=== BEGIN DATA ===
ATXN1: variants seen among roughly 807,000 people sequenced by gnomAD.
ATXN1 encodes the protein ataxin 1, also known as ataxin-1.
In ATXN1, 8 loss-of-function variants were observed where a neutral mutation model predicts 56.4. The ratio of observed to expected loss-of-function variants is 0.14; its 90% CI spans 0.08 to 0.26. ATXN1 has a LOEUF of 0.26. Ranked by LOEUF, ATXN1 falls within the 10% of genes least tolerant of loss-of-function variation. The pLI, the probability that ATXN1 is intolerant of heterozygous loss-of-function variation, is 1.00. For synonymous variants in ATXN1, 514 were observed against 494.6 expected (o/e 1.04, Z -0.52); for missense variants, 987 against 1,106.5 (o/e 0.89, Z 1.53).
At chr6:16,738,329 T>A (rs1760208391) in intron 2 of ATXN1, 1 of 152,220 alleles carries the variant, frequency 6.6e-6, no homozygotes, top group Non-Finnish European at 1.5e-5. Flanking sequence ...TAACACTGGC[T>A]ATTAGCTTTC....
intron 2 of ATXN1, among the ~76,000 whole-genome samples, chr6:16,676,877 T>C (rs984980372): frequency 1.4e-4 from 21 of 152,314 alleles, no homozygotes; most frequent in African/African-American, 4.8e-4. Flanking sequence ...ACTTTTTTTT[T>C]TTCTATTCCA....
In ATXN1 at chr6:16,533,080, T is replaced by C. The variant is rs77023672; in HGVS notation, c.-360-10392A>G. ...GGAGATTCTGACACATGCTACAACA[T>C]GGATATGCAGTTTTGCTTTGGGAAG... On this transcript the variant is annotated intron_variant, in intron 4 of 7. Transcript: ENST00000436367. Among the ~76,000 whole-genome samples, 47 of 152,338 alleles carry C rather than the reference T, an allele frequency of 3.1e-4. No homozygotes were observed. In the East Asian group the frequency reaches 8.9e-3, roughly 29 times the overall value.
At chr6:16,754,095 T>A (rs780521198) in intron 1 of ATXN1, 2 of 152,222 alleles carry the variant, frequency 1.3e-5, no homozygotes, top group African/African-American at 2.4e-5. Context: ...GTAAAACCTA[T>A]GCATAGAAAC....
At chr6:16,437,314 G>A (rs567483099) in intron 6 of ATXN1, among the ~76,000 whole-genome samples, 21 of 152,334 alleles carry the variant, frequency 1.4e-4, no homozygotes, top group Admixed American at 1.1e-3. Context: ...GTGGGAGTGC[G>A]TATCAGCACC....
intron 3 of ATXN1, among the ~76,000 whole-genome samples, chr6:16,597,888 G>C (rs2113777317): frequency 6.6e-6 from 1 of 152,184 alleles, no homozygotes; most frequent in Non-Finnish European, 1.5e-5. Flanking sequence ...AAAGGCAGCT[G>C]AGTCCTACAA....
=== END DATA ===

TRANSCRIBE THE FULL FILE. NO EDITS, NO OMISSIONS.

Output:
ATXN1: variants seen among roughly 807,000 people sequenced by gnomAD.
ATXN1 encodes the protein ataxin 1, also known as ataxin-1.
In ATXN1, 8 loss-of-function variants were observed where a neutral mutation model predicts 56.4. The ratio of observed to expected loss-of-function variants is 0.14; its 90% CI spans 0.08 to 0.26. ATXN1 has a LOEUF of 0.26. Ranked by LOEUF, ATXN1 falls within the 10% of genes least tolerant of loss-of-function variation. The pLI, the probability that ATXN1 is intolerant of heterozygous loss-of-function variation, is 1.00. For synonymous variants in ATXN1, 514 were observed against 494.6 expected (o/e 1.04, Z -0.52); for missense variants, 987 against 1,106.5 (o/e 0.89, Z 1.53).
At chr6:16,738,329 T>A (rs1760208391) in intron 2 of ATXN1, 1 of 152,220 alleles carries the variant, frequency 6.6e-6, no homozygotes, top group Non-Finnish European at 1.5e-5. Flanking sequence ...TAACACTGGC[T>A]ATTAGCTTTC....
intron 2 of ATXN1, among the ~76,000 whole-genome samples, chr6:16,676,877 T>C (rs984980372): frequency 1.4e-4 from 21 of 152,314 alleles, no homozygotes; most frequent in African/African-American, 4.8e-4. Flanking sequence ...ACTTTTTTTT[T>C]TTCTATTCCA....
In ATXN1 at chr6:16,533,080, T is replaced by C. The variant is rs77023672; in HGVS notation, c.-360-10392A>G. ...GGAGATTCTGACACATGCTACAACA[T>C]GGATATGCAGTTTTGCTTTGGGAAG... On this transcript the variant is annotated intron_variant, in intron 4 of 7. Transcript: ENST00000436367. Among the ~76,000 whole-genome samples, 47 of 152,338 alleles carry C rather than the reference T, an allele frequency of 3.1e-4. No homozygotes were observed. In the East Asian group the frequency reaches 8.9e-3, roughly 29 times the overall value.
At chr6:16,754,095 T>A (rs780521198) in intron 1 of ATXN1, 2 of 152,222 alleles carry the variant, frequency 1.3e-5, no homozygotes, top group African/African-American at 2.4e-5. Context: ...GTAAAACCTA[T>A]GCATAGAAAC....
At chr6:16,437,314 G>A (rs567483099) in intron 6 of ATXN1, among the ~76,000 whole-genome samples, 21 of 152,334 alleles carry the variant, frequency 1.4e-4, no homozygotes, top group Admixed American at 1.1e-3. Context: ...GTGGGAGTGC[G>A]TATCAGCACC....
intron 3 of ATXN1, among the ~76,000 whole-genome samples, chr6:16,597,888 G>C (rs2113777317): frequency 6.6e-6 from 1 of 152,184 alleles, no homozygotes; most frequent in Non-Finnish European, 1.5e-5. Flanking sequence ...AAAGGCAGCT[G>C]AGTCCTACAA....